Ventura County will pay the city of Ventura $75,272 to provide a year of fire and medical protection to north Ventura Avenue residents under an agreement adopted by city and county officials.
County supervisors voted 5 to 0 Tuesday to approve the contract with the Ventura City Fire Department, saying it is cheaper to pay the city to protect the area than to continue operating the county's own station on Ventura Avenue.
In July, the county opted to mothball its Ventura Avenue station, which has been open for more than 50 years, because of budget problems. Fire Chief George E. Lund said the County Fire Department could save at least $750,000 annually by contracting out the services to city firefighters.
"We have lost a valuable resource in the fire district," Lund said of the decision to close the station. "We have one less engine company now. But we have done the best job with the resources we have to provide adequate fire protection service."
On Monday night, the Ventura City Council agreed after heated debate to provide services to the county area that stretches north from Shell Road to Foster Park.
Several council members said they were concerned that the arrangement would endanger city residents. Another council member argued that the city should charge the county more for the services.
But in a compromise move, the council voted 5 to 2 to push forward with the agreement, with the stipulation that city officials would study the matter further.
At one point during the discussion, Councilwoman Cathy Bean asked Ventura Fire Chief Vern Hamilton: "You feel in your heart of hearts you're not putting our own citizens at risk?"
Hamilton assured council members that Station 1--the city station that will respond to calls in the county area--will be able to enlarge its jurisdiction without significantly increasing its response times.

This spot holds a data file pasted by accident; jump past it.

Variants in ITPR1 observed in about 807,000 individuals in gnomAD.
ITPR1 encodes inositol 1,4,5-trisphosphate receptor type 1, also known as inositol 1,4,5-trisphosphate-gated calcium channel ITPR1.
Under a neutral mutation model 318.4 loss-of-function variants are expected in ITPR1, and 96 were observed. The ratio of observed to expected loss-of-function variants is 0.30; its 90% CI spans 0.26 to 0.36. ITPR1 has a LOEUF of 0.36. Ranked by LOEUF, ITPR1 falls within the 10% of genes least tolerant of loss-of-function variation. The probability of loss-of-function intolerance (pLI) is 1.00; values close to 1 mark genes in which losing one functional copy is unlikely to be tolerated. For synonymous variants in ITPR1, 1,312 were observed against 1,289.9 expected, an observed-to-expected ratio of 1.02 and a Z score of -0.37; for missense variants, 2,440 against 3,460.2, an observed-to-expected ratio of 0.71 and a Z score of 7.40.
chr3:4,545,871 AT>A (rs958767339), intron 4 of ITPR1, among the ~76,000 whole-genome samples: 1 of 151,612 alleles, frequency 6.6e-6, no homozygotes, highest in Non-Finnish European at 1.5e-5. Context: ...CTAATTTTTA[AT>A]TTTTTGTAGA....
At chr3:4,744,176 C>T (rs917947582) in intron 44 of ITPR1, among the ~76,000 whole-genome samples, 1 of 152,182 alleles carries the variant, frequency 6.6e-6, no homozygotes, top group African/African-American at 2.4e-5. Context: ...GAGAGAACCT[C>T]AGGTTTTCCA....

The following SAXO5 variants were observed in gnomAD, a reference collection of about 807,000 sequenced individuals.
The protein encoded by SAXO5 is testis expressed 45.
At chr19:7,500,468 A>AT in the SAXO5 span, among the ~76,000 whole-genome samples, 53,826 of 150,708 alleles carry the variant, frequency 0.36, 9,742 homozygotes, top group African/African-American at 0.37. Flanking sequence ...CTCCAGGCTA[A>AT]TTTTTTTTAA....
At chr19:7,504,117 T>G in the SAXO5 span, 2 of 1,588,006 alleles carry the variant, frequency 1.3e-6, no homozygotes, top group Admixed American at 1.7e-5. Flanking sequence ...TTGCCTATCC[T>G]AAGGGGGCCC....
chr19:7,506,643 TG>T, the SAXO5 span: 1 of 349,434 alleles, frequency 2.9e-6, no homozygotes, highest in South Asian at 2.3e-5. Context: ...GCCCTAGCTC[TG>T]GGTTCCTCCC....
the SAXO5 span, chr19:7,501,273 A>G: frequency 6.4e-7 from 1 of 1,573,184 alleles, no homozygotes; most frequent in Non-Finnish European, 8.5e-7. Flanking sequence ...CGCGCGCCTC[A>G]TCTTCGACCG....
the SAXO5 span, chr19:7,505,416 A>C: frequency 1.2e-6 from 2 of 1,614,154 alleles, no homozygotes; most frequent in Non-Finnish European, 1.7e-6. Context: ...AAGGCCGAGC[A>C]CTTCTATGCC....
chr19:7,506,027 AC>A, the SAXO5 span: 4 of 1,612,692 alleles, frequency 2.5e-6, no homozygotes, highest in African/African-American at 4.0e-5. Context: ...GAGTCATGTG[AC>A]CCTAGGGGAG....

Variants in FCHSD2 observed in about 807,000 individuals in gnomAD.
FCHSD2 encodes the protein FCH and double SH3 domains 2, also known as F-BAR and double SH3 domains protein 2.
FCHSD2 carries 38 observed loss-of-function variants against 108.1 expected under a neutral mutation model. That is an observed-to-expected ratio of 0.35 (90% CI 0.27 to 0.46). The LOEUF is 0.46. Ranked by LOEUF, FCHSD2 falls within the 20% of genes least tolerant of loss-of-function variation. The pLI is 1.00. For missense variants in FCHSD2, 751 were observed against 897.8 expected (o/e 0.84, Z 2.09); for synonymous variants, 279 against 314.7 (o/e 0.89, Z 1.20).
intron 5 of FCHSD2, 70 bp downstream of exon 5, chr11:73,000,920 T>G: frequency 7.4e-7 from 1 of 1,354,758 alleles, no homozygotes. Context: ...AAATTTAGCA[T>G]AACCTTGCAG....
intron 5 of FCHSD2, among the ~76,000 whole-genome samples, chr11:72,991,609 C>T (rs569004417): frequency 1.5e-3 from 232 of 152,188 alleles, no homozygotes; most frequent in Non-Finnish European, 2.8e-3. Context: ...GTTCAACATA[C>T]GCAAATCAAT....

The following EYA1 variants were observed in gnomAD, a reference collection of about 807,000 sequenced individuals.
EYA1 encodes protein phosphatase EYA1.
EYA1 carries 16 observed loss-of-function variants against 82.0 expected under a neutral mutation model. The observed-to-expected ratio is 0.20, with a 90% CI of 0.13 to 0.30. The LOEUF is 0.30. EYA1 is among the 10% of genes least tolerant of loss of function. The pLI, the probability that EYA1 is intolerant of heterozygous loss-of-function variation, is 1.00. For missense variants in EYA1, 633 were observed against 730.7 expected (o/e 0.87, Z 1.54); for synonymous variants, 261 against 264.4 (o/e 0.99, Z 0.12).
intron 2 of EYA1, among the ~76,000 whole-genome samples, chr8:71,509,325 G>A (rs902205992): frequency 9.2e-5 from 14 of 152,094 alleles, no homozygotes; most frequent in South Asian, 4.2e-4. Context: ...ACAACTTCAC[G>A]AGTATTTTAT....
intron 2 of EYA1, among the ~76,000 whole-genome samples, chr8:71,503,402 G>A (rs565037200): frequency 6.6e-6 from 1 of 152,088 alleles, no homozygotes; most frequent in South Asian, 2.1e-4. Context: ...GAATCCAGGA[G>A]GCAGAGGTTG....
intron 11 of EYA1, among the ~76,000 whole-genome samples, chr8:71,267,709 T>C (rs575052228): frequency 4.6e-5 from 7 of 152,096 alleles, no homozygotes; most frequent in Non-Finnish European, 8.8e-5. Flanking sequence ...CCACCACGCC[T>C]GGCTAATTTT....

"It isn't going to be the straw that breaks the camel's back," Hamilton said. He added that fire stations from other parts of the city will provide backup support for the area if Station 1 is busy responding to a call from county residents.
"It's a calculated risk, but the percentages are very low," Hamilton said.
Station 1's jurisdiction currently covers the area southwest to Emma Wood State Beach and east to Grant Park. Under the approved agreement, firefighters at the station on Ventura Avenue at Ramona Street will also respond on both sides of the Ojai Freeway.
Mayor Greg Carson and Councilman Jim Monahan voted against the agreement, saying it may put residents at risk.
"I feel it would spread our city personnel too thin," Monahan said.
Although Hamilton told council members that the $75,272 would cover the city's costs, Councilman Todd Collart recommended charging more.
"Seventy-five thousand dollars doesn't sound very comfortable to me," Collart said.
In response, Councilman Jack Tingstrom argued, "No matter who's paying, it's the taxpayers' money."
At one point in the evening, the council voted narrowly against the agreement. Monahan, Carson, Collart and Councilman Gary Tuttle did not want to approve the contract.
But Councilman Tom Buford hammered out a compromise that won approval.
He proposed approving the agreement, but with the recognition that the contract has a 60-day termination clause. At the same time, the issue of how the city should be handling contracts with outside agencies would be discussed by the Finance Committee, consisting of three council members.
County officials on Tuesday said they were pleased the contract won approval.
"It was demonstrated by both chiefs that we could do this, at least temporarily while we look at the whole system," Supervisor Susan K. Lacey said. "We could do it for a cost-effective amount of money. Both chiefs have clearly testified that it is not putting anyone at risk."
The amount of the contract was agreed to after city and county officials calculated the number of calls to the county's station--located at Ventura Avenue and Canada Larga Road--served over the previous 12 months. According to county figures, the facility responded to 173 incidents during the period.
Although the number of calls in the county area is small, Ventura Fire Capt. Barry Simmons said he believes the agreement could pose a threat to city residents.
"We are leaving behind a very densely populated area," said Simmons, who is based at Station 1. "Your odds go way up of being spread too thin during a critical time. . . . But we will do the best we can with what we have."